From molecule to medicine cabinet: how our drugs are made

Issued by IPASA

We’ve become accustomed to taking medicines: you get sick, see your doctor, get a prescription and your friendly pharmacist gives you the drugs you need. But few people consider what it takes for those medications to arrive on the shelf – on average it’s a 15-year process from conception to distribution.

Dries Oelofse, business development manager at H3D, an integrated drug discovery and development centre at the University of Cape Town, points out that, traditionally, Western medicine began with the discovery of natural products that had medicinal properties. These would be ground up or refined in some way, and then converted into medication.

“There is still work in that area,” he says. “For example, Table Mountain has more plant varieties than all of the UK, so the hypothesis is that there must be useful chemicals in those plants, including possible medicines.”

The other option, he adds, is to employ human ingenuity instead of nature – by creating large collections of synthetic molecules and screening them to see if any have the potential to become medicines.

“Drugs have to fulfil two very important functions,” says Dr Konji Sebati, CEO of the Innovative Pharmaceutical Association South Africa (Ipasa). “They have to be safe and they have to work. That requires extensive testing, and the process is strictly regulated.”

Briefly, the process followed to develop drugs is as follows:

  1. Create a molecule library: Generate large libraries of small molecules (hundreds of thousands) that can be screened to determine whether they can become drugs. “Pharmaceutical companies will have huge libraries of these molecules, which is where a large part of the value of the company sits. It’s a corporate asset where their blockbuster drugs can come from,” says Oelofse.
  2. Set up assays: Assays are initial tests that screen the library until you get a “hit” – a molecule that verifiably kills malaria, for example. The molecule is still just a basic shape at this stage, and the question is just whether in its fundamental form it kills any kind of diseased cell or pathogen.
  3. Hit to lead phase: At this stage, researchers start to chemically alter the molecule and optimise its qualities. “Bear in mind that, for example, a pill has to go into your digestive tract and be released to get into your bloodstream,” says Oelofse. Each change that is made to the molecule could decrease its safety and/or efficacy. After all the editing of the molecule, typically there are a few permutations of the same molecule available for further testing.
  4. Lead optimisation: Various permutations of the lead candidate series are tested further. Problematic ones are ruled out until one option remains – a possible new medicine. This option is subjected to rigorous and expensive tests, including for possible neurological side-effects, until the researchers have what they call a lead candidate. This can take up to six years on average and is truly a rare occurrence.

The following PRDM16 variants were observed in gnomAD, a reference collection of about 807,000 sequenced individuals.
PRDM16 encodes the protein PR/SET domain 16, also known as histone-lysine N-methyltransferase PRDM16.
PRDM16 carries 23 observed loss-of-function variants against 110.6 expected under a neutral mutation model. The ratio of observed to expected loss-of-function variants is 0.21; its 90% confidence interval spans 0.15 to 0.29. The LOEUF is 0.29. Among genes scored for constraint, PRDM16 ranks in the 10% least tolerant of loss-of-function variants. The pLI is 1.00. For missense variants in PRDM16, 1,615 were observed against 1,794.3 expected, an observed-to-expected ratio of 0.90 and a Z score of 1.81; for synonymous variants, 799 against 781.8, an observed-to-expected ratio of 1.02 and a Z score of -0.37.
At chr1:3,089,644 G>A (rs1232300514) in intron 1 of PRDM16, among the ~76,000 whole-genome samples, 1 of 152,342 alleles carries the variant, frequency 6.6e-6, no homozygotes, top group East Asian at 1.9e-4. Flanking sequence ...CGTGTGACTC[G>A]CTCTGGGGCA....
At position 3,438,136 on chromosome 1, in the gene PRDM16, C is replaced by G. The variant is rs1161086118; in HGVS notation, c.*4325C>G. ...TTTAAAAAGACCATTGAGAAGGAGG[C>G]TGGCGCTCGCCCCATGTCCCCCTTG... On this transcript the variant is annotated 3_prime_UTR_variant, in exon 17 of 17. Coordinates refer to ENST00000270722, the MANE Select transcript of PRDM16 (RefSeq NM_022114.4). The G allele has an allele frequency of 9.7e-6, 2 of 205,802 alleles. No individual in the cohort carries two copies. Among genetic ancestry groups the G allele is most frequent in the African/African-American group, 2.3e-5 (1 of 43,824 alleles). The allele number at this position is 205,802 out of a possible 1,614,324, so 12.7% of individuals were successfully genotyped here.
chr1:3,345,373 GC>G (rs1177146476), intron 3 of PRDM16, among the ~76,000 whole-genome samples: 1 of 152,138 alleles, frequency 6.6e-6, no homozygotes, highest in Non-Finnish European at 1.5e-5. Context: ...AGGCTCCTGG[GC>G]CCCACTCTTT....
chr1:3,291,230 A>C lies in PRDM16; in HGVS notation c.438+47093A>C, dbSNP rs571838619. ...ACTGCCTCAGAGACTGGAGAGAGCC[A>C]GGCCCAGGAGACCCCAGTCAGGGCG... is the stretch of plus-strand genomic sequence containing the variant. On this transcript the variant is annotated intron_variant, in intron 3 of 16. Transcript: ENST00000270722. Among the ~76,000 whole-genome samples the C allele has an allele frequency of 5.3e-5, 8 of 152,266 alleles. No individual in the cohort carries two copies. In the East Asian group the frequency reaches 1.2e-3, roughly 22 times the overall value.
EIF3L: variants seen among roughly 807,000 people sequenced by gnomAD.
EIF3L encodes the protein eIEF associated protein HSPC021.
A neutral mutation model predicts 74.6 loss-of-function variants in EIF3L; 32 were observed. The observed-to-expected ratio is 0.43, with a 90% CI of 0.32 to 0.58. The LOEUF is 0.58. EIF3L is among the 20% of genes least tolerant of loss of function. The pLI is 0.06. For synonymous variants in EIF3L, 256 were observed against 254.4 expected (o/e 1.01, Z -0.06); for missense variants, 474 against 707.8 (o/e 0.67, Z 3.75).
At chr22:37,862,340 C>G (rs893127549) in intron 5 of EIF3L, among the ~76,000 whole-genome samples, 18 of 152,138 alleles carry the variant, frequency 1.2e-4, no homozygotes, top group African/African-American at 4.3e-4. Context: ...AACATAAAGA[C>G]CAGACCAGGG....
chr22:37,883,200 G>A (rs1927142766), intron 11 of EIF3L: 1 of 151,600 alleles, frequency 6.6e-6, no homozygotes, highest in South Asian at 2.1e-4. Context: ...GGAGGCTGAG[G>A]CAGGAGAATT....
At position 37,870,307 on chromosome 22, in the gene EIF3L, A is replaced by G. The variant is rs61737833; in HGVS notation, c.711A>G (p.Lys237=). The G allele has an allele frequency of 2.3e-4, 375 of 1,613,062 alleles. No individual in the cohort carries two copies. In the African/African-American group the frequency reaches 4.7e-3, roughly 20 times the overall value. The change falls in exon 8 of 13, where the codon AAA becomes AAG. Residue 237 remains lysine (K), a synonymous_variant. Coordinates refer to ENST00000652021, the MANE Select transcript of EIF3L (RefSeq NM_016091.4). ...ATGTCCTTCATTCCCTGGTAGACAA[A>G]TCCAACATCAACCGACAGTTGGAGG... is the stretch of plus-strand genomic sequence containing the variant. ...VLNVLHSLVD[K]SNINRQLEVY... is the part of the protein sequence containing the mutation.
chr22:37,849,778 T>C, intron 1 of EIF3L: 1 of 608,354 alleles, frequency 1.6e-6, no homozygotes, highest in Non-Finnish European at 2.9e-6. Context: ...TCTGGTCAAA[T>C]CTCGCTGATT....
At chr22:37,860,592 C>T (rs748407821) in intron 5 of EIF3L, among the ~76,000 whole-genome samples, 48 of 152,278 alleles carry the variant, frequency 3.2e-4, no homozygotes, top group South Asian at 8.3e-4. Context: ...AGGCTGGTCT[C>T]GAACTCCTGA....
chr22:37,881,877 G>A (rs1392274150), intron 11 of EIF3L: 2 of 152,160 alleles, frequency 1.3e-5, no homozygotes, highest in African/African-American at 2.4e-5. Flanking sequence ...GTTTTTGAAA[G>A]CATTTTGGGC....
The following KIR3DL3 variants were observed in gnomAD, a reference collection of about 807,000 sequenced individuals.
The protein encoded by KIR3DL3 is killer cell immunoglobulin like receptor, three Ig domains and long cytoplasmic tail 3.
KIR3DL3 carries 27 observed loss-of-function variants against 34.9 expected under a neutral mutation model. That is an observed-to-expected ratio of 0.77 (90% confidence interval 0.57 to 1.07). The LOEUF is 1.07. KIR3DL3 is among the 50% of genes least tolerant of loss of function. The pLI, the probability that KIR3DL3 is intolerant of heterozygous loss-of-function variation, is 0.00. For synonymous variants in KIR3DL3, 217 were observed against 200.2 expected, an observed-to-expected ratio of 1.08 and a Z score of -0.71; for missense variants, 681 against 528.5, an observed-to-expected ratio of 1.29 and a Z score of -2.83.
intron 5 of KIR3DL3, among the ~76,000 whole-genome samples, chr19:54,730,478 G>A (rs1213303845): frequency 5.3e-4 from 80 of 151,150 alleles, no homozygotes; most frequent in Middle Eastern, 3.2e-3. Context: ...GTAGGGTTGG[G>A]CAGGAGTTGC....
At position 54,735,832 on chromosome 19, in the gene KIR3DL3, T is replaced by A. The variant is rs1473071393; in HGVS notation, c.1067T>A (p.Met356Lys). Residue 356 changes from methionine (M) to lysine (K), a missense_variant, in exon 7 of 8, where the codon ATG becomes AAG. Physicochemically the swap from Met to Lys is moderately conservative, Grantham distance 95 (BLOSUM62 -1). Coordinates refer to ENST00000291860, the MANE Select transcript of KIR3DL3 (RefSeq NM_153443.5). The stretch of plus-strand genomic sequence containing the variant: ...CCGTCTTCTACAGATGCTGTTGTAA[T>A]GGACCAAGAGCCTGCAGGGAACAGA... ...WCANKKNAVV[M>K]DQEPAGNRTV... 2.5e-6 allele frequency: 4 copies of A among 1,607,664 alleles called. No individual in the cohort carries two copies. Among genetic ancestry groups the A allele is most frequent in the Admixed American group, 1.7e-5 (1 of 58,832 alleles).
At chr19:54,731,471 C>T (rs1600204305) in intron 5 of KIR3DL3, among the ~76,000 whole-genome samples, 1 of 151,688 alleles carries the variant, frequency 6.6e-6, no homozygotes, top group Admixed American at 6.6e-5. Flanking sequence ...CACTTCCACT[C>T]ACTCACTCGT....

5. Lead candidate: This is a molecule the researchers believe will do something specific (like kill the malaria parasite) in a new way without harming the patient in any way.
  6. Pre-clinical development: Regulations require that drugs first be tested on animal models, according to strict ethical guidelines. “It’s uncomfortable, but the alternative is to give it to people when you’re not sure it’s safe,” says Oelofse, “and sick people at that.” At this stage, researchers must gather enough data to show that it is safe and get regulatory approval for clinical trials.
  7. Phase-one clinical development: Healthy volunteers in small groups are given predicted doses and are constantly monitored by doctors. They spend a defined period in a hospital setting where researchers can check them closely, constantly monitoring for safety and using the data generated to determine dosage for later clinical trials.
  8. Phase-two clinical development: This is a pivotal part in the development of a new drug, where the molecule is given to sick people for the first time. Oelofse says that if a drug maker can prove at this point that it’s safe, efficacious and complimentary and/or different from anything else on the market, then it has mitigated a large part of the risk associated with bringing a new medicine to market and can take it forward to a large clinical trial.
  9. Phase-three clinical development: These are big studies with potentially thousands of patients. The idea is to generate enough data to prove that the drug is safe and that it works in a large population as well as being better than or different from what’s already on the market to solve the same problem.
  10. Approval to launch: The drug is submitted to regulatory authorities for approval, which can take up to 5 years. Once that is received, only then does the manufacturing, distribution and sale of the new medicine can start.

Oelofse points out that the industry average in terms of development costs for a new drug is about $1-billion, including failures, and the process typically takes up to 15 years.

“It’s a risky business, but medicines save lives, improve health and prolong and enhance the quality of life,” says Sebati. “Medicines also reduce overall healthcare costs by speeding up recovery times, and often reduce the need for surgery and hospitalisation”. She continues to say “but many challenges remain – just think about the increase in antibiotic resistance as one example. Innovation is essential to meet these new challenges.”